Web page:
By Lisa Boonstoppel-Pot
When describing place, place theorists Jeff Malpas and Edward Casey say we live in place and can only live in place. Our “place” doesn’t just have a coordinate system. Rather, our place is made by bounded, flexible, constantly changing relationships. In effect, place is not separate from human experience.
This suggests that place is actually about relationships and it is our experiences, relationships and memories that makes a place “home’.
These concepts come from the study of human geography, other wise known as anthropogeography which is a branch of geography that deals with humans and their communities, cultures, economies, and interactions with the environment by studying their relations with and across locations.
It’s an important topic to me personally as I digest the change to my place with the creation of the G2G Rail Trail. In a much broader reach, the concept of place affects us all collectively as we process Indigenous issues and what it means to “own” land and the right associated with having a deed, a huge loan, growing crops and raising livestock on land we’ve bought and are still paying for.
If, as human geography suggests, relationships and experience are at the core of place, then how we understand our own section of land requires a re-evaluation.
Beginning with the G2G rail trail, I am personally struggling with its creation and popularity given that it crosscuts a significant portion of farmland my family has owned and made a living from for two generations.
Don’t get me wrong. It’s a beautiful trail! Flat and hard-packed, I love hiking and biking down it as much as anyone. I just finished cycling the 130 km distance from Gueloh to Goderich! As with any good thing, most appreciate the privilege of using the trail and respect the space and place for the opportunity it proffers to enjoy nature and exercise. Alongside the majority of respectful users come the disrespectful ones who trespass in our fields, leave garbage in our brush piles and park in our farm lanes, disrupting the flow of farm machinery during crop season.
It’s frustrating. I feel like my place, which includes the trail when it was pitted, overgrown and unpopular, is now an open corridor for agricultural destruction. On a personal level, I am honestly mourning the influx of people onto what was once a quiet wayfare through my farm. I do not begrudge the travellers who are respectful but my goodness, I get all worked up about those who don’t.
“Boohoo,” you might say and perhaps I am complaining and resisting change for change’s sake. Perhaps I’m being selfish and this is likely true. I walk trails in other areas without apologizing for it and as stated, I enjoyed cycling it. I’m in mourning nonetheless. Technically, we never officially owned it but because it was part of our landscape, we feel like we did. Landowners lost ownership rights when the Ontario government bought the abandoned railway line in the 1990s.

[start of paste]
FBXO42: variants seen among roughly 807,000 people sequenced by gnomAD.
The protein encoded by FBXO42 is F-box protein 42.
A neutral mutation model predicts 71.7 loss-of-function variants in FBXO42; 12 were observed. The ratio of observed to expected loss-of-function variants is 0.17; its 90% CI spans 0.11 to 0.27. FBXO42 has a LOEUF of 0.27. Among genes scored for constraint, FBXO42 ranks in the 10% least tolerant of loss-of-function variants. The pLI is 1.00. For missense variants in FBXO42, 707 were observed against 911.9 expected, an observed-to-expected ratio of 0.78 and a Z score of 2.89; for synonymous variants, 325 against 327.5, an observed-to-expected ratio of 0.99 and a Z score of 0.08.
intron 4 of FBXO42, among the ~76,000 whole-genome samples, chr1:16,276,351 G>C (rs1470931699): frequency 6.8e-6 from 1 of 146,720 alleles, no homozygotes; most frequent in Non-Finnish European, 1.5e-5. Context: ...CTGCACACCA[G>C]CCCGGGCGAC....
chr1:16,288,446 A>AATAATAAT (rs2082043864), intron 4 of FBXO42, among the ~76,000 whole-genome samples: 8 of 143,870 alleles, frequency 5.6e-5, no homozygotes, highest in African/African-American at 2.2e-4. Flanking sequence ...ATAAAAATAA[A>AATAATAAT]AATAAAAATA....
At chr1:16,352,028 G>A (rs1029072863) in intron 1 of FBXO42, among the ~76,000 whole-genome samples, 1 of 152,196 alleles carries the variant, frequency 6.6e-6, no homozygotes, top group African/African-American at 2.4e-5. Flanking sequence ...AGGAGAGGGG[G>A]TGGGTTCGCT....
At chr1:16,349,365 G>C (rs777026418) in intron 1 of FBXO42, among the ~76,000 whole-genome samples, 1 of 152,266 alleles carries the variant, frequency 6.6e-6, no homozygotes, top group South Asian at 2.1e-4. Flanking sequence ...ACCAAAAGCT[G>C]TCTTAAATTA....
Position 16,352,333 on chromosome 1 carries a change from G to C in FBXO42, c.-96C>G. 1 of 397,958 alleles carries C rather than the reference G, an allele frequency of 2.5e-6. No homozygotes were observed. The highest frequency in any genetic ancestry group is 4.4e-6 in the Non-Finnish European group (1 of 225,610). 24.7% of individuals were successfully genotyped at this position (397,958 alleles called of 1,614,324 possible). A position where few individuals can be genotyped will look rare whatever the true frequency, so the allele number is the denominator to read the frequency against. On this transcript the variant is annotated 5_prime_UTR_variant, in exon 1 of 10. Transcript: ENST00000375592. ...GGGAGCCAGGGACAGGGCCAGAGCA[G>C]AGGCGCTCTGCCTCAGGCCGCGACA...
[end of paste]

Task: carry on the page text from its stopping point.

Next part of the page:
Landowners like myself now need to redefine what the rail trail is to us. If, as human geography suggests, place is about relationships and experience, perhaps I can rethink my stance. What opportunities can the rail trail offer in terms of relationship so that I can appreciate the space once again? Can I use it to educate hikers and cyclists about farming practices with signage along the trail? Can I take advantage of the trail to routinely travel east, creating relationships with towns and fellow cyclists/hikers along the way? Will a friendly hello and a quick chat become more valued than a quiet walk used to be?
I imagine use of the trail and accepting its transection of my home will be an evolving process.
Life changes all the time.
We all, at some point in our life, find something important to us that we wish to stay the same. It might be your house or a local landmark. Human geography examines how historians can become fixated on places. They see them as unchanging and glorify their nature at a given moment. It has led to the heritage movement in which buildings and sections of neighbourhoods are “frozen in some artificial concept of how things were at some important time,” states Dr. Anne M. C. Godlewska, a geography professor at Queen’s University.
There is a line between preservation and progression that is constantly moving.
This ties in, I think, to a country-wide notion of place, ownership and land with its connection to Indigenous issues.
I haven’t done enough studying here to fully understand all the underlying issues but the concept of place as relationship and experience really changes the idea of ownership, don’t you think?
It doesn’t mean I’d happily hand over farms we’ve worked for decades should a dispute arise. That just displaces another culture from their connection to the land. I think the key word is “relationship”. As more and more speakers acknowledge meeting places as once having been the traditional homes of Indigenous peoples, it’s the start of establishing an understanding which can lead to relationship.
Geographers, said Godlewska, need to think about their own personal experience of place to understand “how others are embedded in places formed of relationships with other people and indeed, the larger environment.”
That’s something to ponder as we spend hours in the tractor harvesting on our/their land. Or, perhaps, as we hike down the G2G. ◊